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Recipe Collection

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Curaçao–Style Haroset (Garosa)

Curaçao–Style <em>Haroset</em> (<em>Garosa</em>) Related:   appetizers, Caribbean, condiments & sauces, desserts & sweets, gluten-free, kid-friendly, Latin America, low-fat, pareve, Passover, vegetarian

Prep time: About 1 hour

Cook time: None

Yield: About 30–40 balls

Recipe contributed by Melanie Moreno, adapted from Recipes from the Jewish Kitchens of Curaçao, Recipes Compiled by the Sisterhood of Mikvé Israel – Emanuel.

This recipe is unique to the island of Curaçao, where Jews have resided since the 17th century. Melanie and René Moreno, and their now-grown children, Ilana and Alex, make this version every year, continuing the island tradition of René’s family. Melanie says it was always an opportunity to work together as a family, carrying on this tradition from René’s home. Working as a team, René and the kids would shell peanuts, Melanie would make the mixture in the food processor and then René and the kids would roll the balls in cinnamon. This version, though similar in feel to the traditional, omits the half-pound of sugar that would normally be in the recipe. The honey, wine and orange juice make the haroset balls sweet enough—and delicious! For those who do not eat kitniyot on Passover, please note that this contains peanuts.

(This mixture also makes a delicious energy bar. Simply leave half the fruits and nuts a little chunkier, and use extra orange juice instead of wine in that half. Press the mixture into a square 8-by-8-inch glass baking dish lined with parchment paper. Let sit for about an hour and then cut into small rectangular bars. These would make a perfect snack for Passover for those who eat peanuts, and would also be good throughout the year.)


  • ¼ pound pitted dates
  • ¼ pound pitted prunes
  • ¼ pound raisins (not golden)
  • ¼ dried figs (hard stems removed)
  • ¾ pound unsalted roasted peanuts (salted are fine, too!)
  • ¼ pound unsalted cashews
  • Zest of 1 large orange (about 2 tablespoons) (a Cara Cara orange is especially nice here)
  • ¼ cup honey
  • 1 tablespoon of cinnamon for recipe, plus additional 3+ tablespoons for coating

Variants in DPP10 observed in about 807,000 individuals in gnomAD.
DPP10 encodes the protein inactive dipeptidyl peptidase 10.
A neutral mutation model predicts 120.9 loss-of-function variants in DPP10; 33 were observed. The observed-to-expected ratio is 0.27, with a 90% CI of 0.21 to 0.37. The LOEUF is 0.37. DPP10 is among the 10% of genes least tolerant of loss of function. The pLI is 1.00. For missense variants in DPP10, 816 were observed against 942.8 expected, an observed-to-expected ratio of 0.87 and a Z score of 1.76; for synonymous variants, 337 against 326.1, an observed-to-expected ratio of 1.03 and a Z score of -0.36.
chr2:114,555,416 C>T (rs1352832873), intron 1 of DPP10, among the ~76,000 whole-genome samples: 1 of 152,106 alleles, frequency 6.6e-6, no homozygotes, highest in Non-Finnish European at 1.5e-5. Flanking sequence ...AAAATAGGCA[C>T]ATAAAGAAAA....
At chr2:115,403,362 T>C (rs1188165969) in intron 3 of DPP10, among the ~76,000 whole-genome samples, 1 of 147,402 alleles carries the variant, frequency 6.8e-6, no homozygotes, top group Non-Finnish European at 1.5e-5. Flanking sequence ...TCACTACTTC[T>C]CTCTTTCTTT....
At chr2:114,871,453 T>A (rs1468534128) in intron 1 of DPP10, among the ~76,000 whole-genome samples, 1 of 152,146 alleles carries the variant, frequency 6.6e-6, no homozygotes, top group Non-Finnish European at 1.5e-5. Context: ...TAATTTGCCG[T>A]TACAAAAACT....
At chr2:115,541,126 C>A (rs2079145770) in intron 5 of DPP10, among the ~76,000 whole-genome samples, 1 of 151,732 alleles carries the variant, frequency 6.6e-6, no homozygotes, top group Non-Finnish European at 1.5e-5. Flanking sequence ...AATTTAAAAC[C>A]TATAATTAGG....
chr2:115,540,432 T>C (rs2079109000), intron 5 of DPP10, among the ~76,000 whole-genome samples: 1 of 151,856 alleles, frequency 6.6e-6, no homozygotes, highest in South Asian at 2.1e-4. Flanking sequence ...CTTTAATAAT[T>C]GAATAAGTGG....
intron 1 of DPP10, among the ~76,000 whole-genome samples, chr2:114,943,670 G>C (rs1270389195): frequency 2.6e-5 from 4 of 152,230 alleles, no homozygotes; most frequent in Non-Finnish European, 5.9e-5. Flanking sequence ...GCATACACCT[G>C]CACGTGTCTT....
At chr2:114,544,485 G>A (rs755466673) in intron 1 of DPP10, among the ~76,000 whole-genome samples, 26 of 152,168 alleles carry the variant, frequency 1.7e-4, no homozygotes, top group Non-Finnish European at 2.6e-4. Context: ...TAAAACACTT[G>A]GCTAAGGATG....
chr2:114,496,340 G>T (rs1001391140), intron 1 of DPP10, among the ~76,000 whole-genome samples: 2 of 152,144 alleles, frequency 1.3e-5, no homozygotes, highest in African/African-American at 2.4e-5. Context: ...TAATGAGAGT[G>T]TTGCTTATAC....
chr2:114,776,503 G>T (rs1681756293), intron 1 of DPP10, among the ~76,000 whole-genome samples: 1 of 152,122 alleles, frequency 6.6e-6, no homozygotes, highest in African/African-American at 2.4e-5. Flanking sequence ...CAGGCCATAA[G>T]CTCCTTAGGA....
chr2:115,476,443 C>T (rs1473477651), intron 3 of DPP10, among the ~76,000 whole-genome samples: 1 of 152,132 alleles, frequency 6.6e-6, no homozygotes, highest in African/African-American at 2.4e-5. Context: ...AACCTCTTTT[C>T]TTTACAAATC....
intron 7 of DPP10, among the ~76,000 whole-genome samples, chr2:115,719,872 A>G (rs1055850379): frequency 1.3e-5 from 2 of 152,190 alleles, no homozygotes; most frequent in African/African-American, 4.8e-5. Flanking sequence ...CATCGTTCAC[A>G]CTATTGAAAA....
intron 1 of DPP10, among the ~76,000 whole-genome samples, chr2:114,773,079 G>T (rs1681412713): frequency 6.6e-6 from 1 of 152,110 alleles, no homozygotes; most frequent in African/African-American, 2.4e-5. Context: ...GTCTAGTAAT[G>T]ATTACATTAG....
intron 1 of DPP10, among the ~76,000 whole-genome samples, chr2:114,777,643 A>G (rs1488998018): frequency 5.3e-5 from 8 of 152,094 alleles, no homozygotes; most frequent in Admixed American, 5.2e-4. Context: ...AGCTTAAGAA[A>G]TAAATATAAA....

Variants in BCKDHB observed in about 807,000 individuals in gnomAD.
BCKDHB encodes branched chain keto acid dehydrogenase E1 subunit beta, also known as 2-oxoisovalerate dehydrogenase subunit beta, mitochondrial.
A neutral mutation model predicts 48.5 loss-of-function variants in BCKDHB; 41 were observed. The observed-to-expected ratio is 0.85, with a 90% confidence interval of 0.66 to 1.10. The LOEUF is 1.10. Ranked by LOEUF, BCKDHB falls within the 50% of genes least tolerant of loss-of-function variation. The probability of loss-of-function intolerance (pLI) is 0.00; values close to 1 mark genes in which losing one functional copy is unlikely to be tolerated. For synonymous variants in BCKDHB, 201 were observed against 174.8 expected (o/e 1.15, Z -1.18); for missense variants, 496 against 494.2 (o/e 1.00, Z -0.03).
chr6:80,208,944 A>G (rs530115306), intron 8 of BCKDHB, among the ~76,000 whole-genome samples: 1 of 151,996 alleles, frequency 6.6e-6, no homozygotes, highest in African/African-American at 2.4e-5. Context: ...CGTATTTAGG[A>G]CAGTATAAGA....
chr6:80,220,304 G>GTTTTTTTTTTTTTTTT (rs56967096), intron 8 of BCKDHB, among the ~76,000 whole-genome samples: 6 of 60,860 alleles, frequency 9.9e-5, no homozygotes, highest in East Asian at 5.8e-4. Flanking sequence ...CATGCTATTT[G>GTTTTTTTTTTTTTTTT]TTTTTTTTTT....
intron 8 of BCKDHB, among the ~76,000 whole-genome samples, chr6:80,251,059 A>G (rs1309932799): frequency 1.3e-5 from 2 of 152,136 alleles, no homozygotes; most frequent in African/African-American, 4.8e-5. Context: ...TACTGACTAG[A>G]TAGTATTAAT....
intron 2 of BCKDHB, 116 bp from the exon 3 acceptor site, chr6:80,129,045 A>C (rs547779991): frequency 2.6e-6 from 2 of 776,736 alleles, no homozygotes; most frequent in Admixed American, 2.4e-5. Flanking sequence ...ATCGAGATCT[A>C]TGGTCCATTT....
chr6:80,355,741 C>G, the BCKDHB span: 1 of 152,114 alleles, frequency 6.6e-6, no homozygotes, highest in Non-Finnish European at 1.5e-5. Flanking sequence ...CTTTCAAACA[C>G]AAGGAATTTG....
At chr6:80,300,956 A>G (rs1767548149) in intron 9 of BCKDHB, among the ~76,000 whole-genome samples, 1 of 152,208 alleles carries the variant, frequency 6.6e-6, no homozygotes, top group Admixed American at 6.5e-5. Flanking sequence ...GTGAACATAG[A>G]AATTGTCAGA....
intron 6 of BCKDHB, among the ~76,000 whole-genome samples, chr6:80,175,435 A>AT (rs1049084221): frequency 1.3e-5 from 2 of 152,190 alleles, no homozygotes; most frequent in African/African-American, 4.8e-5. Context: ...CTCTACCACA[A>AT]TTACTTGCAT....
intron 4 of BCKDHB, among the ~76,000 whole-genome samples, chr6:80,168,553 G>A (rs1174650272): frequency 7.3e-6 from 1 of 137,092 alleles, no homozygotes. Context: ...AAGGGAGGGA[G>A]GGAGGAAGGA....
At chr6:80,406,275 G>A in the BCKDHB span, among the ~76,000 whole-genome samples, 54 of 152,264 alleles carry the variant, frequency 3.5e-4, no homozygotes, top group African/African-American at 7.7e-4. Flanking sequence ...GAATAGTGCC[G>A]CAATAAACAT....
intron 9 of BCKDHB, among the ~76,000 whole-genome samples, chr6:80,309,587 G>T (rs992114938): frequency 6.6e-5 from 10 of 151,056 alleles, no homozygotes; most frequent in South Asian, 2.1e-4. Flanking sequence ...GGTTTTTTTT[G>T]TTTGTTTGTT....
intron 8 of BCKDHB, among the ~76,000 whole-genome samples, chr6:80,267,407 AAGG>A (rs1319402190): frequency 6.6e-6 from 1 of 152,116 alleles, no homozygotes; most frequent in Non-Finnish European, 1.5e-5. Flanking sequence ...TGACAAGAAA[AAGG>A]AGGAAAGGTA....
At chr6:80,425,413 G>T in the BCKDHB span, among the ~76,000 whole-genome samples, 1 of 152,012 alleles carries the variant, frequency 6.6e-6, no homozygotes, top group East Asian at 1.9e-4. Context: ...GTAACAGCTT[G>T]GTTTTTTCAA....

• 1–1½ ounces kosher red wine
  • 2–3 tablespoons juice squeezed from the orange


  • In a large food processor, grind the dried fruits until almost a paste. Remove the fruit mixture from the food processor to a large bowl. Add in the nuts into the food processor and pulse until finely ground, but before they turn into a paste. Add the nuts in to the bowl with the fruit and mix together. This will be a very thick mixture. If you have a very large food processor, you may have room to grind both the fruits and nuts together in one step.
  • Once the nuts and fruit are well mixed together, mix in the orange zest, honey, 1 tablespoon cinnamon, wine and 2 tablespoons of the orange juice. You should have a firm, slightly sticky mixture. If the mixture seems too dry, add a little more of the orange juice or wine.
  • Sprinkle the 3 tablespoons of cinnamon on a plate and begin to roll the mixture into small balls, about 1-inch in diameter. Roll the balls in the cinnamon until well coated. Add more cinnamon if you run low on the plate.
  • You can make these ahead and keep in an airtight container in the refrigerator or freezer until the seder. In Curaçao, these are often made ahead and wrapped in waxed paper like individual candies.

5 Responses

  1. Liz says:

    This sounds wonderful — I can’t wait to try it! This sounds like my kind of flavors and if my in-laws don’t like it, more for me!

  2. Barbara says:

    Hi Wendy! This looks wonderful! I may have to make them to bring to our Seder in New York! Thanks!

  3. Louise says:

    These are so great and easy to make! Can’t wait to serve them for seder.

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